which is good information all around, and also nice to hear a confirmation of my theory that it is not the weave that is custom, but more the size of the bolt. Granted, Mule's "seconding" of my theory doesn't make it fact, but it's cool to hear from someone who seems to know what they're talking about that I'm on the right track.

I must confess, the whole internet thing is really panning out for me today! Lot's of REALLY great assitance from a few very disparate places on the net.


User mdb from the Replica Props Forum had this to say:

"Looks like the fabric is a woollen twill. It is also cut on the bias so the edges don't unravel but it's making it hard to determine the weave. I think it's a simple 2:1 Z wale (Warp goes over two wefts and under one and steps by 1, the diagonal patterns sloping in the same direction as the middle of a Z- the opposite is S wale) but most places just do not know what that means Looks like about 48 warp threads to the inch too. It looks even so the weft will be the same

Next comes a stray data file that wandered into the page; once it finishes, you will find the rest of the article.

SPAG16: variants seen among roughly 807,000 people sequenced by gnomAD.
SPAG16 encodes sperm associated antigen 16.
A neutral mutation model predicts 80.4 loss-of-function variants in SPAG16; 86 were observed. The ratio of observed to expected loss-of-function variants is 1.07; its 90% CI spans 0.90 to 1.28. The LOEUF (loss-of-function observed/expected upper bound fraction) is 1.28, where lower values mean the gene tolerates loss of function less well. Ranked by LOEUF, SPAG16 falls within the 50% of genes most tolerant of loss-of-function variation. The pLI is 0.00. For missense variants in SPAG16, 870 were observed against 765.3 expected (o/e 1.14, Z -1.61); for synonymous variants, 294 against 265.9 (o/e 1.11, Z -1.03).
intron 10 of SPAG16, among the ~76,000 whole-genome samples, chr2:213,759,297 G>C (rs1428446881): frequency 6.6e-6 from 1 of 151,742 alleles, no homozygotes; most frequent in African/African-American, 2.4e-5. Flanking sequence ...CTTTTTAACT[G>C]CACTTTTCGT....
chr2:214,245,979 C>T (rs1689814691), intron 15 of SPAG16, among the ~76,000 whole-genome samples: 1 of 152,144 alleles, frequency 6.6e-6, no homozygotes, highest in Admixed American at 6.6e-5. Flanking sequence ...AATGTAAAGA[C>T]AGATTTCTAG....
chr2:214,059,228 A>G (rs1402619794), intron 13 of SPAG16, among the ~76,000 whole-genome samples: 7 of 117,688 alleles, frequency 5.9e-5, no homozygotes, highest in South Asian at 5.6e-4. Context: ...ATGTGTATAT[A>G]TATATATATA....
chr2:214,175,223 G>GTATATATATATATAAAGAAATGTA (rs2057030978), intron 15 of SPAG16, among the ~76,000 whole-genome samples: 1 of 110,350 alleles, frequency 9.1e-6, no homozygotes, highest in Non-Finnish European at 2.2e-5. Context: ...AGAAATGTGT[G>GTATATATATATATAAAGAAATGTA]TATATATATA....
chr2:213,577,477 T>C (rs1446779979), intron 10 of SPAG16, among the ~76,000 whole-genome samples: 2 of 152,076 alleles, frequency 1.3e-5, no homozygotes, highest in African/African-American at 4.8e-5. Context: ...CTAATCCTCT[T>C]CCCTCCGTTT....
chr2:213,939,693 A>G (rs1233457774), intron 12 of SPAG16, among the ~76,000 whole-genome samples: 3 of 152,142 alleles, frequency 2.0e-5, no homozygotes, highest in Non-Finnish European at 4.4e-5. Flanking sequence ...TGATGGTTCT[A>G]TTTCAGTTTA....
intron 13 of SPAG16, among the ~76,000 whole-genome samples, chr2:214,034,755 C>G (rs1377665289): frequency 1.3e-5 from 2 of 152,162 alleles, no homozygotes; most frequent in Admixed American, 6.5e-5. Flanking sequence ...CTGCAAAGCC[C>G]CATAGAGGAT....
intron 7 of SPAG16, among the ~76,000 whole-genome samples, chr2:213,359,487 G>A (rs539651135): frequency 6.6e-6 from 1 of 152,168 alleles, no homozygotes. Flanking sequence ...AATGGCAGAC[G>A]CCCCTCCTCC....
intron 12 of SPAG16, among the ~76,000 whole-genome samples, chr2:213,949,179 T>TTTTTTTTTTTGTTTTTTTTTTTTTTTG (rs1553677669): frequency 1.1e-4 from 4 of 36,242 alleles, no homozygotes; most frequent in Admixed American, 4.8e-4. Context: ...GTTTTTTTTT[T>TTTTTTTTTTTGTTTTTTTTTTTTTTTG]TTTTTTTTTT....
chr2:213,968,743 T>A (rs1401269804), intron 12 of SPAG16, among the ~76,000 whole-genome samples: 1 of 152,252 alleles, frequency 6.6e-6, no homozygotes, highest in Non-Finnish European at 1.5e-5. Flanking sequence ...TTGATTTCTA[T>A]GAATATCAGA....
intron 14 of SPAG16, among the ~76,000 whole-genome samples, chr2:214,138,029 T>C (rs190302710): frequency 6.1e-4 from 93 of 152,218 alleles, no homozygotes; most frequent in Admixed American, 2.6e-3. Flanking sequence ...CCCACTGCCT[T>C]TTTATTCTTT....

Gabardines tend to be worsted if they are wool and have a very smooth surface and have twice as many warp threads as weft so the diagonal line of the twill face is quite distinctively steeper. "

While I understood about three words in the post, there's a lot of good technical information in here that will be helpful in tracking down a sample. I guess the punchline is that mdb thinks it is NOT gabardine, but a twill. Interesting. I think it's time to get some samples in front of me so I can do some hands on comparisons.

Another Day, Another Belt

Now that I have perfected my process for producing Superman Returns belts, it seemed only fair that I move forward with it and produce one for myself. One that I will keep. I will actually bang out a series of them, as there are still a few finishing steps to be done on them that could prove problematic. The paint job is very subtle on it, and I want to have a few belts handy in case I screw it up once or twice.

This should be a familiar site to regular readers. Here is the set up of the belt.

I pulled this one out a few hours later, even though it had not fully cured. My workspace was not entirely level, and the belt turned out to be a bit fatter on one side. I doubt anyone would ever notice it once it was in place on the costume, but this is a nice piece.

The mold was a LITTLE bit dirty for this pour, and some of the junk in the mold was passed on to the casting.

It's still a VERY nice casting, and I feel the color is good. The picture shows it being a little brighter than it is in person, but it's pretty nice. I will probably use this one as a test bed for my painting techniques, and ultimately throw it out. I think my plan will be to crank out five paint-worthy belts, and then put the mold to bed.